Today was a busy day for us. My wife’s first administration of the Chemotherapy began today. The cocktail of drugs given was ABVD. I won’t go into the science behind it all because whats important now is that the dirty cancer is getting cleaned up as we speak and that’s all that matters.
I know my wife very well. From the day we met, she always admired my ( according to my wife ) really odd sense of humor. I often lift her spirits when she is feeling down. This is probably the most crucial time in her life in which her sorrow seemed to be so deep and that is to be expected.
We came into the Oncology unit and got set up. First things first before we start the treatment it was important we got a baby scan to keep everything in check. It was then another long march back to the Oncology unit. Whilst waiting for everything to be set up I read her the Bible. She was feeling pretty down in herself and began to get panicky and extremely anxious.
It was at this point that I needed to break the ice a little. Not knowing what to do I rose from my chair and sighed a thought of not being any useful. I looked out the window and I knew then that this would get a good laugh from what may seem to many as an odd joke to make considering the circumstances but then again you don’t know my wife’s great sense of humor. It was a daring joke to make and I thought about it for sometime but eventually had to break that ice some how.
I looked out the window and shouted back ”Hey honey, at least they gave you a room with a view, take a look”. We looked outside and busted out laughing because right across the road was a Catholic graveyard/cemetery. It broke the ice and we were in hysterics and saying ”Oh my goodness, who puts an oncology unit right beside a GRAVEYARD? of ALL places?.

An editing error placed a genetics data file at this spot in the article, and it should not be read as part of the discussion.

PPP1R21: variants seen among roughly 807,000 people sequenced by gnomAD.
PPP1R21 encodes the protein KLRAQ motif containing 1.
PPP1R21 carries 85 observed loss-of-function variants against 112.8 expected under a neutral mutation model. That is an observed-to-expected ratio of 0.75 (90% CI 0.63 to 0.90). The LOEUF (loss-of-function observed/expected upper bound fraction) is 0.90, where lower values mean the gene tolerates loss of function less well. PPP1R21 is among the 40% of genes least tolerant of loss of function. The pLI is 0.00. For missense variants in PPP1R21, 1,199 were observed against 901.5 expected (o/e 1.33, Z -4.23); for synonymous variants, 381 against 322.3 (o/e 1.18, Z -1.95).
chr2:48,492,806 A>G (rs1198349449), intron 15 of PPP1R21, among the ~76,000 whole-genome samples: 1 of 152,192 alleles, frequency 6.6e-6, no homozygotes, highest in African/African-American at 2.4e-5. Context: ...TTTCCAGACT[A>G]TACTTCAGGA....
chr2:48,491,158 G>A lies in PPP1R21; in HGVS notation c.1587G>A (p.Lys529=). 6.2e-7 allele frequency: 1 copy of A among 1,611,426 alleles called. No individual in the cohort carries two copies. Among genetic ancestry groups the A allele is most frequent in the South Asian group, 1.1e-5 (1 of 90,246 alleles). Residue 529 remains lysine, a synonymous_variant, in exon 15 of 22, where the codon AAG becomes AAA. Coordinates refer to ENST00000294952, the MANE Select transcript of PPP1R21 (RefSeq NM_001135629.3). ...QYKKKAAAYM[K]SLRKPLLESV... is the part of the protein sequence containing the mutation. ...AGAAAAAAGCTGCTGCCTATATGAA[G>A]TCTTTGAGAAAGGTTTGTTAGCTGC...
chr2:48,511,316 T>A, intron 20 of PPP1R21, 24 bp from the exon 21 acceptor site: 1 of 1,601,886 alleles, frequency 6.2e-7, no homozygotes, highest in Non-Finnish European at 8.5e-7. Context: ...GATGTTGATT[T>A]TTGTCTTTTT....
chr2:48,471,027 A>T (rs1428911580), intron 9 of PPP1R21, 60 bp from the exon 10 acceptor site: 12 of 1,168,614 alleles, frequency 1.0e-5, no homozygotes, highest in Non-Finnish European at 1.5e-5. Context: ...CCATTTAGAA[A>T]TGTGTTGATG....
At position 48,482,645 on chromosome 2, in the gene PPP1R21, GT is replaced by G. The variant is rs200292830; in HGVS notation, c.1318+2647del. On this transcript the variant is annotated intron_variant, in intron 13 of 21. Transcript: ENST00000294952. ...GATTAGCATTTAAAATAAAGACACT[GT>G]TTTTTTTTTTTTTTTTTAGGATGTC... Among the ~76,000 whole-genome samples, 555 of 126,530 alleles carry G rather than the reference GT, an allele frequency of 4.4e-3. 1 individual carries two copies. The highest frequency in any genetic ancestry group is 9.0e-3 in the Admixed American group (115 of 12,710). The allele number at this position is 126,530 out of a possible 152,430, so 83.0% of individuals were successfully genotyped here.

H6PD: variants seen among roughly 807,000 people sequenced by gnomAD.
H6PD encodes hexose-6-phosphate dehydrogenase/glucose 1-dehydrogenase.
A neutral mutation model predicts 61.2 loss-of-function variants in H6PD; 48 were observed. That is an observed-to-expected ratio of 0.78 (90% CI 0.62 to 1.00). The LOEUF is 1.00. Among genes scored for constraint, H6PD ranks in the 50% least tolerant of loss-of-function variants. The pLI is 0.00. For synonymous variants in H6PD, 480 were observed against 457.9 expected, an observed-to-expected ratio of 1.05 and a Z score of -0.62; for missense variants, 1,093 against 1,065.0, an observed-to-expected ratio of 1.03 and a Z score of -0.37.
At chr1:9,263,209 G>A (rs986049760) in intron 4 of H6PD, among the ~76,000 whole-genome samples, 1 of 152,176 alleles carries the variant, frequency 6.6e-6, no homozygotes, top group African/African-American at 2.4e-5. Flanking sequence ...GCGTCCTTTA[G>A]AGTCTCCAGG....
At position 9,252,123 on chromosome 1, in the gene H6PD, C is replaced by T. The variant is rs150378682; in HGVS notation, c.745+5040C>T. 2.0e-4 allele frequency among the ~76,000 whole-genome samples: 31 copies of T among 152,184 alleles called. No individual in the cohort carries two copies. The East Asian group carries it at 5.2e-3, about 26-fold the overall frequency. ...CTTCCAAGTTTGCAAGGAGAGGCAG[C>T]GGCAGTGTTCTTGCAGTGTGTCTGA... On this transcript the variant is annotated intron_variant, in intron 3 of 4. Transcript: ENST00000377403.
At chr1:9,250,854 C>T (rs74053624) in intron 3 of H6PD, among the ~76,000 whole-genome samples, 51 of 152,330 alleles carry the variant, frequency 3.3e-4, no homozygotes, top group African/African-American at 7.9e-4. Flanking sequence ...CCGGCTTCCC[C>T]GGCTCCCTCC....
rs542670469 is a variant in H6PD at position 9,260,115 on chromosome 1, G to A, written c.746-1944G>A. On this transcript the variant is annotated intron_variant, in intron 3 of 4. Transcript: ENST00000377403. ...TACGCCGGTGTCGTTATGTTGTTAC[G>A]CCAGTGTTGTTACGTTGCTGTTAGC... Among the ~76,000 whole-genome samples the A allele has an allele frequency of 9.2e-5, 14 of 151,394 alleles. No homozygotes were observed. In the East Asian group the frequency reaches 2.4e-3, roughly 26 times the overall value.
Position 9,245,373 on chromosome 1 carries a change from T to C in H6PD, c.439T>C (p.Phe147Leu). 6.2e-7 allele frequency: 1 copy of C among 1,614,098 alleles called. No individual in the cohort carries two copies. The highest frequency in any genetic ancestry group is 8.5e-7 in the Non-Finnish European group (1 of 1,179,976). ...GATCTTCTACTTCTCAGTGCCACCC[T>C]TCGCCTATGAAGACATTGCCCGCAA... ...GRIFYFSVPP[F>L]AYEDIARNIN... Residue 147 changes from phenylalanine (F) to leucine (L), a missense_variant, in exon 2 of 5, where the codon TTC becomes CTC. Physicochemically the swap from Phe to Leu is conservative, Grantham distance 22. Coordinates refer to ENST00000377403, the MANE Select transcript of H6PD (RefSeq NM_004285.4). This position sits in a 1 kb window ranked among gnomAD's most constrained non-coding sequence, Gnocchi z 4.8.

She became extremely relaxed and the day went well. She had no side effects apart from a slight tension headache and tingling in the tumors. I reminded her that the ABVD was killing those tumors and that is a good tingle.
Even though we joked around about the graveyard, it still was a serious question we had. It was a strange position to be in for any patient at the clinic. I decided to leave for half hour and give her some rest whilst I took a walk. I walked outside and I found a cancer patient perhaps in his late 60’s leaning over the barrier between us and the graveyard and peering at it intently. I had this urge to just give him a hug or something and tell him to remain positive, God has a plan. Of course, a stupid thing to act out and I’d probably have my head handed to me but I wonder what it was he was thinking. My eyes welled up with tears and compassion for him. I mean it is hard enough having to deal with cancer without having to step outside and see a graveyard every-time you visit your local chemo clinic.
Yet there was also something inside of me begging the question ”oh yes but isn’t looking at a graveyard very liberating”? This thought may be spiritually too much for some of you reading this to consume right now ( even for me ) so I’ll leave it here and bid you a blessed and good night and will leave you with a final thought: I Love My Wife and I have a sort of Holy Envy of her right now because of the faith in God she possesses. I wish I could be like her.
God bless you all